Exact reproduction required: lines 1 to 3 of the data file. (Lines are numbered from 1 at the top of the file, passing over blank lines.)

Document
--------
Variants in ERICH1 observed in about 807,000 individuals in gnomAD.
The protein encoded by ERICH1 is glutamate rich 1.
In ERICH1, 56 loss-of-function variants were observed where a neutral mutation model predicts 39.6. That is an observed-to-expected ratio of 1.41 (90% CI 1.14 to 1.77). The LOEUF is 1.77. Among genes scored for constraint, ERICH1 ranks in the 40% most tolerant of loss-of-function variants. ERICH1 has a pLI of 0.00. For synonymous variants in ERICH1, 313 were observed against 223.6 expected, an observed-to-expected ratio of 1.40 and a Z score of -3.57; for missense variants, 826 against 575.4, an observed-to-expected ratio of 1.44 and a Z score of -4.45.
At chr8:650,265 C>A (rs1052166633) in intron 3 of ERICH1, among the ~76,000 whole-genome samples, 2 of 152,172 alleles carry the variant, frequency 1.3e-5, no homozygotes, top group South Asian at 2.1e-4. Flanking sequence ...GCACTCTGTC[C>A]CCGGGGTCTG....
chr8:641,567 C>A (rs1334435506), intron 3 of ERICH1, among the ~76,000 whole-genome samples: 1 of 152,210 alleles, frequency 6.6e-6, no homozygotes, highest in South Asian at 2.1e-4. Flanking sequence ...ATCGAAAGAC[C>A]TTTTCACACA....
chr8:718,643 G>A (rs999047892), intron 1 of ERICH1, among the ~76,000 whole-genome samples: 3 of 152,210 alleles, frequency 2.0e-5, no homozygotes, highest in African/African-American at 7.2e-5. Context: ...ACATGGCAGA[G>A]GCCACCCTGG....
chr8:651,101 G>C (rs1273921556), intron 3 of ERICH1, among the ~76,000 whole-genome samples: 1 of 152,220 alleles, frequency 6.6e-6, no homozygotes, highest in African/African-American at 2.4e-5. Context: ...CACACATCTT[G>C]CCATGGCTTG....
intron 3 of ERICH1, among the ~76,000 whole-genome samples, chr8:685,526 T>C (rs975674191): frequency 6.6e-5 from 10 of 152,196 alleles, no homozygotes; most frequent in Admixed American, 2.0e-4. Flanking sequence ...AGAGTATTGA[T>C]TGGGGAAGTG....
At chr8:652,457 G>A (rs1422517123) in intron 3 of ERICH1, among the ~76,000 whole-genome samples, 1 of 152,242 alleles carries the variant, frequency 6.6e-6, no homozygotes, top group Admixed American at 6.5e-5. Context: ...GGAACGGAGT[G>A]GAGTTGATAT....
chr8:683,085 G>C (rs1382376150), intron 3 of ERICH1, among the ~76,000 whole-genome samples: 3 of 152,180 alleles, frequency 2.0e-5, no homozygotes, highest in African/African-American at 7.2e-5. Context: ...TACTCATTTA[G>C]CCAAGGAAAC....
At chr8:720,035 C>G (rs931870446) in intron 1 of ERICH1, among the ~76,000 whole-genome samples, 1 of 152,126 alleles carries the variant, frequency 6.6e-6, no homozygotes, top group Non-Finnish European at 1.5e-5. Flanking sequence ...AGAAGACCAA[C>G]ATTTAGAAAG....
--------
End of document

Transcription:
Variants in ERICH1 observed in about 807,000 individuals in gnomAD.
The protein encoded by ERICH1 is glutamate rich 1.
In ERICH1, 56 loss-of-function variants were observed where a neutral mutation model predicts 39.6. That is an observed-to-expected ratio of 1.41 (90% CI 1.14 to 1.77). The LOEUF is 1.77. Among genes scored for constraint, ERICH1 ranks in the 40% most tolerant of loss-of-function variants. ERICH1 has a pLI of 0.00. For synonymous variants in ERICH1, 313 were observed against 223.6 expected, an observed-to-expected ratio of 1.40 and a Z score of -3.57; for missense variants, 826 against 575.4, an observed-to-expected ratio of 1.44 and a Z score of -4.45.